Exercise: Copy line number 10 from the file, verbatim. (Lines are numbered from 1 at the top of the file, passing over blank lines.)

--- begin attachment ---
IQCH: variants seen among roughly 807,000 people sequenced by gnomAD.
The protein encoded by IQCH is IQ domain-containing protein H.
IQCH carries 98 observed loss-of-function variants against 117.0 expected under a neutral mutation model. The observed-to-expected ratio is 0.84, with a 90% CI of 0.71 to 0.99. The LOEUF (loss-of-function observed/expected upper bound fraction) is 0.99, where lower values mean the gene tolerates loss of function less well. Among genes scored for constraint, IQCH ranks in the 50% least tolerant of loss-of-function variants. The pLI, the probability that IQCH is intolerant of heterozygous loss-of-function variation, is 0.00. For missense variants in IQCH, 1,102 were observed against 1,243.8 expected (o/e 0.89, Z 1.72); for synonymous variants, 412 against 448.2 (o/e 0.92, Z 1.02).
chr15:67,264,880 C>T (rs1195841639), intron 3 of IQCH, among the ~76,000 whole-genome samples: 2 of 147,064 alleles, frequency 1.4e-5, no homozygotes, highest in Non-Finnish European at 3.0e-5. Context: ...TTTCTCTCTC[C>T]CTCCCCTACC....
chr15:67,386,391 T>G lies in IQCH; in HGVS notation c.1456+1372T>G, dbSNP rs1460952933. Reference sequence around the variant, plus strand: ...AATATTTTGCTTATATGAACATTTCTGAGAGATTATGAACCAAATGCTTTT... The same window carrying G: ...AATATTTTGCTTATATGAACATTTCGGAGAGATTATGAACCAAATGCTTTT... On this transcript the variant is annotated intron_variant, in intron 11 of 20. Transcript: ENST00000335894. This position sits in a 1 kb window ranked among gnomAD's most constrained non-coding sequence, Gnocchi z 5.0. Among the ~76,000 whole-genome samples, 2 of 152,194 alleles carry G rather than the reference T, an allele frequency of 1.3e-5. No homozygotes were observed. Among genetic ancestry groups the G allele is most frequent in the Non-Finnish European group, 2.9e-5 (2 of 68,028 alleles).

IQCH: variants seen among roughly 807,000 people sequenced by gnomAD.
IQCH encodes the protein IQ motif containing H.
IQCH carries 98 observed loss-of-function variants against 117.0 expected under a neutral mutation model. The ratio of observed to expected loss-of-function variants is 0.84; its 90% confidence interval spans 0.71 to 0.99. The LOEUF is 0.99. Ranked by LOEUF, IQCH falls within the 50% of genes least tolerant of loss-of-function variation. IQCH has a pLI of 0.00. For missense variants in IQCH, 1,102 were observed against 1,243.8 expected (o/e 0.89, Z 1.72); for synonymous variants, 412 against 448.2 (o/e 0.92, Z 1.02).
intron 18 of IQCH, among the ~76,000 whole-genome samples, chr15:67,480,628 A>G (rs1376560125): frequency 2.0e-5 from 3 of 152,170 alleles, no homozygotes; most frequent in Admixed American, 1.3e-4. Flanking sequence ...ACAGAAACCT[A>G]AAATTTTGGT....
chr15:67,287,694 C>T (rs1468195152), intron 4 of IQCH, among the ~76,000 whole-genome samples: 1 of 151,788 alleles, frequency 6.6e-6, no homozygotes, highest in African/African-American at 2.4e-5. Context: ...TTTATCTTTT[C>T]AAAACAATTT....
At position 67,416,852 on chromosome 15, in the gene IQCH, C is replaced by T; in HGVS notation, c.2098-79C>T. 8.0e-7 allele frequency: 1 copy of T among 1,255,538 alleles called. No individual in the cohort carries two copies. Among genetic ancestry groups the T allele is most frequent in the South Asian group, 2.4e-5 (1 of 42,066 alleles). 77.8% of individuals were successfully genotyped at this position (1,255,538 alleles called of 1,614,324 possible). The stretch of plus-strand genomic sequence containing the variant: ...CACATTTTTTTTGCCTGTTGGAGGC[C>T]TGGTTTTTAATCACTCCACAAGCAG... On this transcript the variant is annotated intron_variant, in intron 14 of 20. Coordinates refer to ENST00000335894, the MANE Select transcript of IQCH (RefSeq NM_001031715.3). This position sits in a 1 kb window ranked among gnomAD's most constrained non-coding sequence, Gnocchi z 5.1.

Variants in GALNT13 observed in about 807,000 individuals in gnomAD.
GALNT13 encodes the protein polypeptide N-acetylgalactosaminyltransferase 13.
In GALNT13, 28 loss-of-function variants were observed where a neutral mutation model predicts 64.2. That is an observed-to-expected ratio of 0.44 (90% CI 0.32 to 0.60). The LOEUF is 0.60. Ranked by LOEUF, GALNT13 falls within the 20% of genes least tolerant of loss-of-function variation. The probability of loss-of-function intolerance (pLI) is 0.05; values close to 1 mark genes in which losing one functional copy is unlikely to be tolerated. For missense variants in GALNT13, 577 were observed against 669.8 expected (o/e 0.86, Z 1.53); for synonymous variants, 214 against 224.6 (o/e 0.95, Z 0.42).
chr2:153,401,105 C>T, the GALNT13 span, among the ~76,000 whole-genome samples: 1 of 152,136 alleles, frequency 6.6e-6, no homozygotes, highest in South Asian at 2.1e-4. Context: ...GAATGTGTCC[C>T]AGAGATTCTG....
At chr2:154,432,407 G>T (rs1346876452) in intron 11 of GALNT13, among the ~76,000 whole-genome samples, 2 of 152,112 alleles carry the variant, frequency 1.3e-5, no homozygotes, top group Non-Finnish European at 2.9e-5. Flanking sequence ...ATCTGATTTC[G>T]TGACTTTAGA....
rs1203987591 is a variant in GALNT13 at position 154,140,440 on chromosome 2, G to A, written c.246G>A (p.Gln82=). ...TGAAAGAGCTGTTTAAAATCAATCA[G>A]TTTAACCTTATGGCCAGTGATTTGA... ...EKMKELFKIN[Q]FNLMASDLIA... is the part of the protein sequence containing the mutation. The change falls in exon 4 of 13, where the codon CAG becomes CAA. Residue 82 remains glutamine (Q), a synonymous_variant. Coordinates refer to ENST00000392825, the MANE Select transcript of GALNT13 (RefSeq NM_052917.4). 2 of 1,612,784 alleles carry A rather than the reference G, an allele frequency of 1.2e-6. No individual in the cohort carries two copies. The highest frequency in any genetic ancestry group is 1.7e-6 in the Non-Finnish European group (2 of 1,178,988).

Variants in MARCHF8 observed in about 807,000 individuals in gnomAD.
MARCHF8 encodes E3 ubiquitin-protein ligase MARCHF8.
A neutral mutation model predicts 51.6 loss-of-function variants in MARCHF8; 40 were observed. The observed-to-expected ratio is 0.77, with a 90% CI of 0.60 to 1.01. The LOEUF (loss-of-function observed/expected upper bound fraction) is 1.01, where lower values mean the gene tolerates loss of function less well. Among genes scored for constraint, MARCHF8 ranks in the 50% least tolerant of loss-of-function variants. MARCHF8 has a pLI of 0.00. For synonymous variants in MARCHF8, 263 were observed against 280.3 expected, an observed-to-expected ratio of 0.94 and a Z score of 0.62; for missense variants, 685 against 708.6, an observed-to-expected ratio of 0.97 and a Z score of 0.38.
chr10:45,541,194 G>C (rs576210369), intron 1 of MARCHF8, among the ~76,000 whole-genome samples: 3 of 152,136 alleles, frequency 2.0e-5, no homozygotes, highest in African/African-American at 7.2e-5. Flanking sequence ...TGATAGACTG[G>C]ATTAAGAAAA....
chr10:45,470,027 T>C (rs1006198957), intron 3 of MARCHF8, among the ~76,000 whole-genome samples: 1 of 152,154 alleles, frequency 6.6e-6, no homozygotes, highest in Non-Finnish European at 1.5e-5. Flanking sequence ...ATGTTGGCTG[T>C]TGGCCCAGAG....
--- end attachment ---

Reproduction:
chr15:67,287,694 C>T (rs1468195152), intron 4 of IQCH, among the ~76,000 whole-genome samples: 1 of 151,788 alleles, frequency 6.6e-6, no homozygotes, highest in African/African-American at 2.4e-5. Context: ...TTTATCTTTT[C>T]AAAACAATTT....